I just saw a review that made me so mad it gave me tinnitus. It was a favourable review for a good book. But it also cited reasons that the book in question was difficult to find. The American bent really disgusted me. It’s a British author, and the book is set in England. Yet this reviewer actually said that US readers would be confused by the treatment of the Irish at the time…as if that were a strike against the book.
Just to clarify, nowhere in the book is prejudice against the Irish condoned or encouraged–quite the opposite in fact. My problem is that anyone thinks that ignorance is a good thing. He compared it to how racial prejudice happens in America, simplifying it to a question of White and Not-White. Apparently while commenting that American students aren’t taught about Ireland’s political history, he should have also mentioned they are also not being taught about the horrible way Irish immigrants were treated in America. But I guess he hasn’t read Angela’s Ashes, or even Murphy’s Law.
I just started reading Accidental Prince today, and I got a little stuck in the beginning. It’s the fourth in a series, and I can’t find the first book (which may be a novella?) but it isn’t immediately confusing, so I probably won’t have trouble with that.
What I actually had trouble with was the princess’s abusive father. The guy is a king. Personally, I have always imagined royalty being too dignified to touch anyone even to embrace. So when I read scenes like this:
His fists struck the back of her head, and stars exploded in her vision. The king knew exactly where to punish her so that it would not leave a visible mark.
…As the king advanced toward her, Serena let out a broken supplication, ‘Please, Father.’
But her words meant nothing to him as he curled his fingers and raised his fists.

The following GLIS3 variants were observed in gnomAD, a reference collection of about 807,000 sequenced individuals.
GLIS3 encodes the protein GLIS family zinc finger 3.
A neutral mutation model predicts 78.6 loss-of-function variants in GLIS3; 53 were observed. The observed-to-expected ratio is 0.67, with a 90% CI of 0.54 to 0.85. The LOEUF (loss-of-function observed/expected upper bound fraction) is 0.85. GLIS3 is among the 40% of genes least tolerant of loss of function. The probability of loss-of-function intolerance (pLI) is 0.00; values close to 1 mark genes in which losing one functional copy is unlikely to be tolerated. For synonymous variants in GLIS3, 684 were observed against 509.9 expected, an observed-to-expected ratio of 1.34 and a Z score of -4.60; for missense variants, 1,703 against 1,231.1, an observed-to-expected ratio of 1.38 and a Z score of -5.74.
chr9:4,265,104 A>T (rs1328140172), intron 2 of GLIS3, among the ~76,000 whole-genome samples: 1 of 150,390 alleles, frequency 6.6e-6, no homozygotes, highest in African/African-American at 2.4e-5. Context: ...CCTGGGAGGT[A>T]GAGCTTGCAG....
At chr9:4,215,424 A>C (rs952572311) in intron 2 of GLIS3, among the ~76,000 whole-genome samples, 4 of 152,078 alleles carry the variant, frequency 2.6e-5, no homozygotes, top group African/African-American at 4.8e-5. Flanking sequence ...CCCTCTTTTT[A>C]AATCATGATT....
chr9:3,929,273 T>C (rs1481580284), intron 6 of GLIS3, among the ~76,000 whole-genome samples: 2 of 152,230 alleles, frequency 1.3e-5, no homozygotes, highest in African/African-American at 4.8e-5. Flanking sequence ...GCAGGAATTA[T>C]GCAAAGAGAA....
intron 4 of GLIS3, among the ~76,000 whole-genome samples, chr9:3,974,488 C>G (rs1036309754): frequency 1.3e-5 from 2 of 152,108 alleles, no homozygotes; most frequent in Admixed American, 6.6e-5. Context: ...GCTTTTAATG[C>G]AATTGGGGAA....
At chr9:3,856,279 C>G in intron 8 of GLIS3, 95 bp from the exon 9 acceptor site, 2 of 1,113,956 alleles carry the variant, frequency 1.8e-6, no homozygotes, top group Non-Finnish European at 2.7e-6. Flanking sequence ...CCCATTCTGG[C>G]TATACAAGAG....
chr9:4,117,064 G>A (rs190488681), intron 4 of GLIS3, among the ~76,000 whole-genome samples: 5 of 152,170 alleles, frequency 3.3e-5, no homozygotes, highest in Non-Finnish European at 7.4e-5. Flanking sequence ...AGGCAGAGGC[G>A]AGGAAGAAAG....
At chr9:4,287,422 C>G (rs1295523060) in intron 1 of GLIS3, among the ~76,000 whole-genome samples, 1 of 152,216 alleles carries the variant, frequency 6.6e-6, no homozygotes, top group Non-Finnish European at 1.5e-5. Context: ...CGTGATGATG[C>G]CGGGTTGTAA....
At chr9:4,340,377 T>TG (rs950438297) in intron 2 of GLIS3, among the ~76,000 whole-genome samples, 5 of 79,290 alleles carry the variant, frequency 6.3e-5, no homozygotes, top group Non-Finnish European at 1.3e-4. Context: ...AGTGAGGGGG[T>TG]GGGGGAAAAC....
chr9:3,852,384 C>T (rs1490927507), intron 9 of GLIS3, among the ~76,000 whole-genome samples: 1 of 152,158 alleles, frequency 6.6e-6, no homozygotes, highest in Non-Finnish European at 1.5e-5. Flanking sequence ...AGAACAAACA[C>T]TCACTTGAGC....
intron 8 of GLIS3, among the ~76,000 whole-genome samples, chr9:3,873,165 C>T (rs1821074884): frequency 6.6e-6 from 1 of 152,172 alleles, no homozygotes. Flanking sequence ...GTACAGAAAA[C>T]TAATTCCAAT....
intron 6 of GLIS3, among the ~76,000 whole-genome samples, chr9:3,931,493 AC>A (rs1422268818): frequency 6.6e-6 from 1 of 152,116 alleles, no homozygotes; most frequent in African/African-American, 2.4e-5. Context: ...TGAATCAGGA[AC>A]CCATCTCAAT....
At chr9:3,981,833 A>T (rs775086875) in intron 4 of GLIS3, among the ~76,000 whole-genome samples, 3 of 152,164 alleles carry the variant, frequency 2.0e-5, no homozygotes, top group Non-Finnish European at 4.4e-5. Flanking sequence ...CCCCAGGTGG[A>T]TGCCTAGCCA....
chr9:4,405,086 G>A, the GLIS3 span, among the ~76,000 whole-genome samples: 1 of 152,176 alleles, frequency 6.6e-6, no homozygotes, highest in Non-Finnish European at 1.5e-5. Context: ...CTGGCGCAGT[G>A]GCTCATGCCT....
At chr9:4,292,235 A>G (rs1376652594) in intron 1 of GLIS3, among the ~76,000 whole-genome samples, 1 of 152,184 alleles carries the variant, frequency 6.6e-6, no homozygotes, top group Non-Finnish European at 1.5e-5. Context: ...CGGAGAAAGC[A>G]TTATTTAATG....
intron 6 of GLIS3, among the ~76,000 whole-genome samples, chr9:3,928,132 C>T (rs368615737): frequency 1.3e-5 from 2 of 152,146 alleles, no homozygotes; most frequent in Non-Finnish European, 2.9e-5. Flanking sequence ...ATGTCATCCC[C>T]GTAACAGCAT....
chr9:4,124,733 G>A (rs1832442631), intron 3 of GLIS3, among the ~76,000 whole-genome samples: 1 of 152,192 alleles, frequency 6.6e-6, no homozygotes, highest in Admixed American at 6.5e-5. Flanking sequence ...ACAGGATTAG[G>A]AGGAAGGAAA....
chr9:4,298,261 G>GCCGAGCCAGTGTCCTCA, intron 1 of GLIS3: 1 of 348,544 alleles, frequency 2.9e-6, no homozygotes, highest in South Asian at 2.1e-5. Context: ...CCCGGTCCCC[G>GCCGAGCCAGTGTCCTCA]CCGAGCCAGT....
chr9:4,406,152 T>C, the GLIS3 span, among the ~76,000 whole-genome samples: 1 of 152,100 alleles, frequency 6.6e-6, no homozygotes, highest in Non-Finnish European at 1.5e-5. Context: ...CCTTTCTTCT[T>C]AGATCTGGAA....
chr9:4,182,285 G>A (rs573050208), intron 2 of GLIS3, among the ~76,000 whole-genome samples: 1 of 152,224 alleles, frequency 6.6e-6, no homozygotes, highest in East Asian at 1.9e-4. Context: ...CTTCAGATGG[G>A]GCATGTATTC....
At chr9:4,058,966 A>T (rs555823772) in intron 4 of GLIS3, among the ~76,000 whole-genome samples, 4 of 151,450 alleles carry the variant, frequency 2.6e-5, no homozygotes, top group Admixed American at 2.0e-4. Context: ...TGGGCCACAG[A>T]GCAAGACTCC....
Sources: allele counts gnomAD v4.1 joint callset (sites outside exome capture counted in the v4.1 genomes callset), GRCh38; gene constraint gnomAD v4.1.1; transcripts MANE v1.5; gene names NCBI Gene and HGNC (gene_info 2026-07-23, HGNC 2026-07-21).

Most of the emotional impact was lost as I tried to stop picturing the king as a weird Chibi SD anime character pinwheeling his fists like cartoon Kermit-flail while she ducks and actual stars kind of pulse by her head.
I really hope that I can still try to take this book seriously.
I got a lot of things wrong, like making my hair not look terrible. I also didn’t bother to draw all the BILLIONS of little flowers on that dress. It’s a simple single layer lineart. I sketched it out first in MSPaint and then drew over that. It was such a simple pose that I actually ended up drawing this lineart from memory rather than actually looking at the initial sketch.
Hilaaaariously, the bump is about that big, (and so is my chest, I can hardly stand/sit up straight) but it feels a lot bigger.
That’s the countdown according to the pregnancy app on my phone, anyway. Dither thinks Owen is going to be punctual as a CEO and hold that trend throughout his life, while the July 9-ers hope he’ll be a week early. Then we’d have four birthdays that day, (technically) across as many families. It’d make planning easy. But honestly, I’ll just be happy if he’s not three weeks late.
CAN YOU IMAGINE?
I really need to work on hands. And I need to stop cheating at heads and faces. Shame on me.
Currently, I’m deciding whether or not to give Manuscript for the iPad a try (and review, for those who have iPads and want to know if it’s worth the $3.99/£2.49 price tag), but I hedge constantly. I still haven’t bought Power Rangers Redux. I need to fix that.